Article

Press Release

Is Eco-Friendly Unmanly? The Green-Feminine Stereotype and Its Effect on Sustainable Consumption

Aaron R. Brough, James E. B. Wilkie, Jingjing Ma, Mathew S. Isaac, & David Gal. Journal of Consumer Research: August 2016, Vol. 43 No. 4, pp. 567-582.

Aaron R. Brough, James E. B. Wilkie, Jingjing Ma, Mathew S. Isaac, & David Gal. Journal of Consumer Research: August 2016, Vol. 43 No. 4, pp. 567-582.

Why are men less likely than women to embrace environmentally friendly products and behaviors? Whereas prior research attributes this gender gap in sustainable consumption to personality differences between the sexes, we propose that it may also partially stem from a prevalent association between green behavior and femininity, and a corresponding stereotype (held by both men and women) that green consumers are more feminine. Building on prior findings that men tend to be more concerned than women with gender-identity maintenance, we argue that this green-feminine stereotype may motivate men to avoid green behaviors in order to preserve a macho image. A series of seven studies provides evidence that the concepts of greenness and femininity are cognitively linked and shows that, accordingly, consumers who engage in green behaviors are stereotyped by others as more feminine and even perceive themselves as more feminine. Further, men’s willingness to engage in green behaviors can be influenced by threatening or affirming their masculinity, as well as by using masculine rather than conventional green branding. Together, these findings bridge literatures on identity and environmental sustainability and introduce the notion that due to the green-feminine stereotype, gender-identity maintenance can influence men’s likelihood of adopting green behaviors.

Article

The Impact of Dynamic Presentation Format on Consumer Preferences for Hedonic Products and Services

Anne L. Roggeveen, Dhruv Grewal, Claudia Townsend, & R. Krishnan. Journal of Marketing: November 2015, Vol. 79, No. 6, pp. 34-49.

Anne L. Roggeveen, Dhruv Grewal, Claudia Townsend, & R. Krishnan. Journal of Marketing: November 2015, Vol. 79, No. 6, pp. 34-49.

Manufacturers and online retailers are readily availing themselves of new technologies to present their merchandise using a variety of formats, including static (still image) and dynamic (video) portrayal. Building on vividness theory, the authors propose and demonstrate that presenting products and services using a dynamic visual format enhances consumer preference for hedonic options and willingness to pay for those options. The dynamic presentation format increases involvement with the product/service experience in a manner presumably similar to that of the actual product experience. The result is an increased preference for and valuation of hedonic options. This holds true for experiential and search products in single and joint evaluations and carries over to subsequent choices. Across all studies, the results demonstrate that a dynamic (relative to static) presentation format enhances choice of the hedonically superior (vs. utilitarian-superior) option by more than 79%.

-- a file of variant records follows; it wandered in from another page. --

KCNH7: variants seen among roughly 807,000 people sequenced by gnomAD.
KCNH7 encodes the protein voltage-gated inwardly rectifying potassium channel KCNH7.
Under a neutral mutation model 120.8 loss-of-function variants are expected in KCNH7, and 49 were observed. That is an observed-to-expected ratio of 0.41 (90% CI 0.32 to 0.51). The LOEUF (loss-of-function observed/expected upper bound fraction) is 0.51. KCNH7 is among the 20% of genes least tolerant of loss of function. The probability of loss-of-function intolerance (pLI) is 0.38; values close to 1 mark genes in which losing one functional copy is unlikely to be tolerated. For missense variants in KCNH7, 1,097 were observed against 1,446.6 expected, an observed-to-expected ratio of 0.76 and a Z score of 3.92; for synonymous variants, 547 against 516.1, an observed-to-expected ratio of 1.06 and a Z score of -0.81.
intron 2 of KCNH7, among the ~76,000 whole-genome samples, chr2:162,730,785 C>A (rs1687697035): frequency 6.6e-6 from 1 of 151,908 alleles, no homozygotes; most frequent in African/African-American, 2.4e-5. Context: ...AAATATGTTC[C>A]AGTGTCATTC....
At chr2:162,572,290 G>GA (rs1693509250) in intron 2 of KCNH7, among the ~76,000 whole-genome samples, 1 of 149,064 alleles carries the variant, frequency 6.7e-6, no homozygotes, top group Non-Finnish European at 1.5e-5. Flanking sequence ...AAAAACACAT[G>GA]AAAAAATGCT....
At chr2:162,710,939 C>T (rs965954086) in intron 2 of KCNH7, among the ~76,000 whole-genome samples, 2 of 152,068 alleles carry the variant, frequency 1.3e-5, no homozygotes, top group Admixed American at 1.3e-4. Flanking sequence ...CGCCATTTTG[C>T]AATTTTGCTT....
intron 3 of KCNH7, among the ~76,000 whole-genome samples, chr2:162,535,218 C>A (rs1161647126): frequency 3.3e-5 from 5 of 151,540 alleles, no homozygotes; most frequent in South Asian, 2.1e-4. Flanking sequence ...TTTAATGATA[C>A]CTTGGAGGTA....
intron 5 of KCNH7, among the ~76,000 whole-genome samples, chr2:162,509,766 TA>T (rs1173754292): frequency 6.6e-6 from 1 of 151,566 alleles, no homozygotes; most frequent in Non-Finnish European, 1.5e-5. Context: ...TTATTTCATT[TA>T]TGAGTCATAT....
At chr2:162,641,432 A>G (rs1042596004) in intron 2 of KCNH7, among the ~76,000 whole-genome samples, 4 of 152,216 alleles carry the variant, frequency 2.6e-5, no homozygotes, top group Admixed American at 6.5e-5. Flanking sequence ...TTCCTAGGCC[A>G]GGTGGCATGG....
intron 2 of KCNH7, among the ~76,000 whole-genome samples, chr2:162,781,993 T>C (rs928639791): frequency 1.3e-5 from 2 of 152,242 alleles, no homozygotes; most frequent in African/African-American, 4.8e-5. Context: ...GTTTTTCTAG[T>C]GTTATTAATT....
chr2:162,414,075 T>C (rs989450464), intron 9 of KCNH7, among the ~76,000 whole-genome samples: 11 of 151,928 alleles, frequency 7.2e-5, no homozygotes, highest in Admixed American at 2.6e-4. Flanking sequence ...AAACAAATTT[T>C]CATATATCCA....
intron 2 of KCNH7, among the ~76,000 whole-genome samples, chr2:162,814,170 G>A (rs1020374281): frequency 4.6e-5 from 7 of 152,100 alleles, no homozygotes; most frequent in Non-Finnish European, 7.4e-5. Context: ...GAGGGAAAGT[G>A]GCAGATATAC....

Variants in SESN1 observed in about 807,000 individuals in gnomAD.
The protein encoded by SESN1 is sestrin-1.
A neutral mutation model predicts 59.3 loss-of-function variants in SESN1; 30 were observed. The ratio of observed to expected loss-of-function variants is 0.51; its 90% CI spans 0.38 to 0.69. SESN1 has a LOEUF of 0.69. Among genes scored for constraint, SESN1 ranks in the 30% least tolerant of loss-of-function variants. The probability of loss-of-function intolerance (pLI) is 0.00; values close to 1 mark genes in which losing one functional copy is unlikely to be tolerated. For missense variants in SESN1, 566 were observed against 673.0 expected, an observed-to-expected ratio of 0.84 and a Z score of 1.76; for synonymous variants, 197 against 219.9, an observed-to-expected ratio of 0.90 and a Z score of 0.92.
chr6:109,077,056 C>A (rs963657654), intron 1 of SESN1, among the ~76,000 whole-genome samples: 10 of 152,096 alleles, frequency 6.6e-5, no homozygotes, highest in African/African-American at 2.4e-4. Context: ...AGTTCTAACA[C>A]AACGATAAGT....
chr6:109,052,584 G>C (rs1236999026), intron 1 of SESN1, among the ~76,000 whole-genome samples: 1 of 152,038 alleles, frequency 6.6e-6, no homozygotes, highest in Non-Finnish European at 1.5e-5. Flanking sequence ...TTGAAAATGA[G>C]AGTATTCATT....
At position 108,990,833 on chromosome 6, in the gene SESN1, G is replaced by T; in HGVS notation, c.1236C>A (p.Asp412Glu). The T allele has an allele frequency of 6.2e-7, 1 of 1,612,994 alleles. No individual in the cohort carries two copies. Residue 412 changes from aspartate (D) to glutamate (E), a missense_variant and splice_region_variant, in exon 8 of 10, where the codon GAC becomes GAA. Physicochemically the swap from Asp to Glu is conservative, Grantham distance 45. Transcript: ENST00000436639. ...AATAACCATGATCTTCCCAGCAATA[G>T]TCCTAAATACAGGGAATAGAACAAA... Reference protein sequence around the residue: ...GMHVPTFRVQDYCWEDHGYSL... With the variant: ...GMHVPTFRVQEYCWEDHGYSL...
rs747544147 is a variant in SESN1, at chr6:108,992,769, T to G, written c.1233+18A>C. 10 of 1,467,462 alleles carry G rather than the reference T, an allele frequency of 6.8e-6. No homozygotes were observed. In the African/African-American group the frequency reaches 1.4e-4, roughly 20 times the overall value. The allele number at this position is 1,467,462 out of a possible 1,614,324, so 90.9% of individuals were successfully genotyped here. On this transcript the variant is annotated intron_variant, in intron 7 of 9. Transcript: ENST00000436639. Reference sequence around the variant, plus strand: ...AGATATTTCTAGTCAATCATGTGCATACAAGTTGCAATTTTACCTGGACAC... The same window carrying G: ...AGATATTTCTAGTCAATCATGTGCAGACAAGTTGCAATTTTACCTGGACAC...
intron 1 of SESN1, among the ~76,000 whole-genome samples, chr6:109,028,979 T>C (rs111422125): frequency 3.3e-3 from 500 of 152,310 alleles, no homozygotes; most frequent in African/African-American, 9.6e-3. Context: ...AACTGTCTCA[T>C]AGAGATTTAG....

Article

Press Release

Should Firms Use Small Financial Benefits to Express Appreciation to Consumers? Understanding and Avoiding Trivialization Effects

Peggy J. Liu, Cait Lamberton, & Kelly L. Haws. Journal of Marketing: May 2015, Vol. 79, No. 3, pp. 74-90.

Peggy J. Liu, Cait Lamberton, & Kelly L. Haws. Journal of Marketing: May 2015, Vol. 79, No. 3, pp. 74-90.

Firms commonly add small financial benefits to communications designed to acknowledge consumers’ loyalty or support. Yet is it always better to provide some financial benefit as opposed to simply saying “thank you”? Although this question has important implications for customer relationship management, research has not yet provided an answer. This article demonstrates that, indeed, a financial acknowledgment (defined as an acknowledgment with a monetary benefit) can lead to less positive outcomes than offering a verbal acknowledgment (defined as an acknowledgment without a monetary benefit), a phenomenon termed the “trivialization effect.” The results explain this effect in terms of shifting evaluation standards: whereas a verbal acknowledgement is evaluated relative to verbal gratitude expression norms, a financial acknowledgment is evaluated relative to both verbal norms and customers’ monetary expectations. The authors also demonstrate two practical, theory-consistent ways firms can structure financial acknowledgments to eliminate the trivialization effect. Thus, this research shows both the peril of small financial benefits as a means of expressing customer appreciation and practical, low-cost ways to salvage their potential.

Article

Press Release

Sometimes “Fee” Is Better Than “Free”: Token Promotional Pricing and Consumer Reactions to Price Promotion Offering Product Upgrades

Wen Mao. Journal of Retailing: June 2016, Vol. 92, No. 2, pp. 173-184.

Wen Mao. Journal of Retailing: June 2016, Vol. 92, No. 2, pp. 173-184.